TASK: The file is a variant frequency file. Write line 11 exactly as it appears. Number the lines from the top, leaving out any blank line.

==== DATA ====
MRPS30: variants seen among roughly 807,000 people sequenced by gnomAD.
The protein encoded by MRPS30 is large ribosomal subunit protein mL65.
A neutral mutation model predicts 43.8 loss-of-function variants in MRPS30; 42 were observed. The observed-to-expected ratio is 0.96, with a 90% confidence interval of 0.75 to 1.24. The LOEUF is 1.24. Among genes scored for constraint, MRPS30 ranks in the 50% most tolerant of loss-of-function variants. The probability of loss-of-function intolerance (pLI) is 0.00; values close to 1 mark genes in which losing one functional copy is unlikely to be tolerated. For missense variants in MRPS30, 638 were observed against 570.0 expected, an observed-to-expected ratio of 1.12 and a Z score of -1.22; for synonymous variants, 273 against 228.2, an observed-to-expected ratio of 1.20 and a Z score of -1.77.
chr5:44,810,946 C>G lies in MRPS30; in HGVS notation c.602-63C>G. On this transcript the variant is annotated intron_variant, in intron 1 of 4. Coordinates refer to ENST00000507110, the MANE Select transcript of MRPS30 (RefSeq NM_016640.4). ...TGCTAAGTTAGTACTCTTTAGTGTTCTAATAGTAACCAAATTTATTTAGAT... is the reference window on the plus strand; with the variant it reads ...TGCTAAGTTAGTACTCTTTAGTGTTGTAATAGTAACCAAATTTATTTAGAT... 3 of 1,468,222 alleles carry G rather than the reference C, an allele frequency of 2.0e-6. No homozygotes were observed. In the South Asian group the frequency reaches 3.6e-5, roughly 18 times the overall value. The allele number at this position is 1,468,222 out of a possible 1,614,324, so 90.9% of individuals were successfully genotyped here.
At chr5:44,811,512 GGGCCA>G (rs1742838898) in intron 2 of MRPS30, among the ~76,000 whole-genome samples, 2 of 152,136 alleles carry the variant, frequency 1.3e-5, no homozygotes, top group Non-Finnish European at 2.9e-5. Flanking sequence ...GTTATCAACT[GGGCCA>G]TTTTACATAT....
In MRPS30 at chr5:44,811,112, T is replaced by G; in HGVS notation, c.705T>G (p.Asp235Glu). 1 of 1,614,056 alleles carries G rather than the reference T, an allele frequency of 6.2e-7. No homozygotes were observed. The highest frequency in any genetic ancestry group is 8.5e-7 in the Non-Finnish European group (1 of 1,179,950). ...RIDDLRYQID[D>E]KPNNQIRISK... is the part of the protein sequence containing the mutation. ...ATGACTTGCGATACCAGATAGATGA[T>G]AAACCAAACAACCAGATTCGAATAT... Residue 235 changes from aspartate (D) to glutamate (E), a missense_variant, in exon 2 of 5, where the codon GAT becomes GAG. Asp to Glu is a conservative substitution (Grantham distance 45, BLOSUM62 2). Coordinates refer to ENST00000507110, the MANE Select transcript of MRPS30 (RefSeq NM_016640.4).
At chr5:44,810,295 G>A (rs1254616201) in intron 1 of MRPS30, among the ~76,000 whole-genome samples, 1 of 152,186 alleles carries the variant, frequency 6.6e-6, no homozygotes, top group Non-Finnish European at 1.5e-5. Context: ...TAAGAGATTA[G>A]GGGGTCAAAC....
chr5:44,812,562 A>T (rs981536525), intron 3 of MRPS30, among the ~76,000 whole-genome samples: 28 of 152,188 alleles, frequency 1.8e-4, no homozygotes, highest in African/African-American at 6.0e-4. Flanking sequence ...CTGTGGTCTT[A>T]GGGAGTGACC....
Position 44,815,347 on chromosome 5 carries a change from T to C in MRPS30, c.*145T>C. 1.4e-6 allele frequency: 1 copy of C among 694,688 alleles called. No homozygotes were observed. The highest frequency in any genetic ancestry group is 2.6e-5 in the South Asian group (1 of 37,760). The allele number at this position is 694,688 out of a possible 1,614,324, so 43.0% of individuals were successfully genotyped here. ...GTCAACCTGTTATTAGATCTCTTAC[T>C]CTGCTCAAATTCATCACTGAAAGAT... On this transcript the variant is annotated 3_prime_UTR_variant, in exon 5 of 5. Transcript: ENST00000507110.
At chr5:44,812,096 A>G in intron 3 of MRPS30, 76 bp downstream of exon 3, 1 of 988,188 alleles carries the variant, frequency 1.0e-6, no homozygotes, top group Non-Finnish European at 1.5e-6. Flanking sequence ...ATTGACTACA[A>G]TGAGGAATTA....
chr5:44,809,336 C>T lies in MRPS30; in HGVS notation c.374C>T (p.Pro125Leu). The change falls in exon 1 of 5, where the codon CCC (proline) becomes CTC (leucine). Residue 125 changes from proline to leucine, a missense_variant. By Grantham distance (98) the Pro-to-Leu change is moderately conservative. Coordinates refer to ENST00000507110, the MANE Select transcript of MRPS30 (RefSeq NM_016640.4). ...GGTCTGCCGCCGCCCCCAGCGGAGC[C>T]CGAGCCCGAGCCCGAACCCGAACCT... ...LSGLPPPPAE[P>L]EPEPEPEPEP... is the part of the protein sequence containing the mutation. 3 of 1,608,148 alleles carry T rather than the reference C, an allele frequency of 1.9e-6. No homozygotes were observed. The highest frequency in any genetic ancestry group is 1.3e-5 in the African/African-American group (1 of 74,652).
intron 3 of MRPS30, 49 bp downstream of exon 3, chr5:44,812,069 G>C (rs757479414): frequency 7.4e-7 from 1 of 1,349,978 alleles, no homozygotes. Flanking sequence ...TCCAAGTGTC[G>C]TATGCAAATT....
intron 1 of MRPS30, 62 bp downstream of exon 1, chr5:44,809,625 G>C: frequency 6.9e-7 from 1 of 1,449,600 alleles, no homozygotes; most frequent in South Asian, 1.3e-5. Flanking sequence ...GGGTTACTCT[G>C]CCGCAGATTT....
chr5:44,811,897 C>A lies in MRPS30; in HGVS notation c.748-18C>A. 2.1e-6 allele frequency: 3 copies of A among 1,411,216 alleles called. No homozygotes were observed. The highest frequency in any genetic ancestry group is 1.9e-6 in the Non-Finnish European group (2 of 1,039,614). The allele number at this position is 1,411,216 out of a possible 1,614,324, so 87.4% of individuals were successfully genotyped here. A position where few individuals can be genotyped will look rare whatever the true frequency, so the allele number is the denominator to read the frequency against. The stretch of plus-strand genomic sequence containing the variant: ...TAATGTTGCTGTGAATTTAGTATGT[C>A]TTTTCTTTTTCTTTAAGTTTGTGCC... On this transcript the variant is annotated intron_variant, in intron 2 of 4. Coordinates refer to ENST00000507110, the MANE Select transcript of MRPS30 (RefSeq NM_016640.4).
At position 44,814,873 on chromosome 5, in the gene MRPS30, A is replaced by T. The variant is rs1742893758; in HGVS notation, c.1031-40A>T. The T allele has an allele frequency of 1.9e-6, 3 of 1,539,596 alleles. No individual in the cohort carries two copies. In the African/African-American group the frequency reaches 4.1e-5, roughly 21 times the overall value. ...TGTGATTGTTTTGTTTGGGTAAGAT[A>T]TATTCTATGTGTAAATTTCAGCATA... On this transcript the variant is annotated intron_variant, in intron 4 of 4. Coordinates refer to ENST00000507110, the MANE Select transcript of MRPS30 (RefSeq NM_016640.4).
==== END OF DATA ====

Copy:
chr5:44,809,336 C>T lies in MRPS30; in HGVS notation c.374C>T (p.Pro125Leu). The change falls in exon 1 of 5, where the codon CCC (proline) becomes CTC (leucine). Residue 125 changes from proline to leucine, a missense_variant. By Grantham distance (98) the Pro-to-Leu change is moderately conservative. Coordinates refer to ENST00000507110, the MANE Select transcript of MRPS30 (RefSeq NM_016640.4). ...GGTCTGCCGCCGCCCCCAGCGGAGC[C>T]CGAGCCCGAGCCCGAACCCGAACCT... ...LSGLPPPPAE[P>L]EPEPEPEPEP... is the part of the protein sequence containing the mutation. 3 of 1,608,148 alleles carry T rather than the reference C, an allele frequency of 1.9e-6. No homozygotes were observed. The highest frequency in any genetic ancestry group is 1.3e-5 in the African/African-American group (1 of 74,652).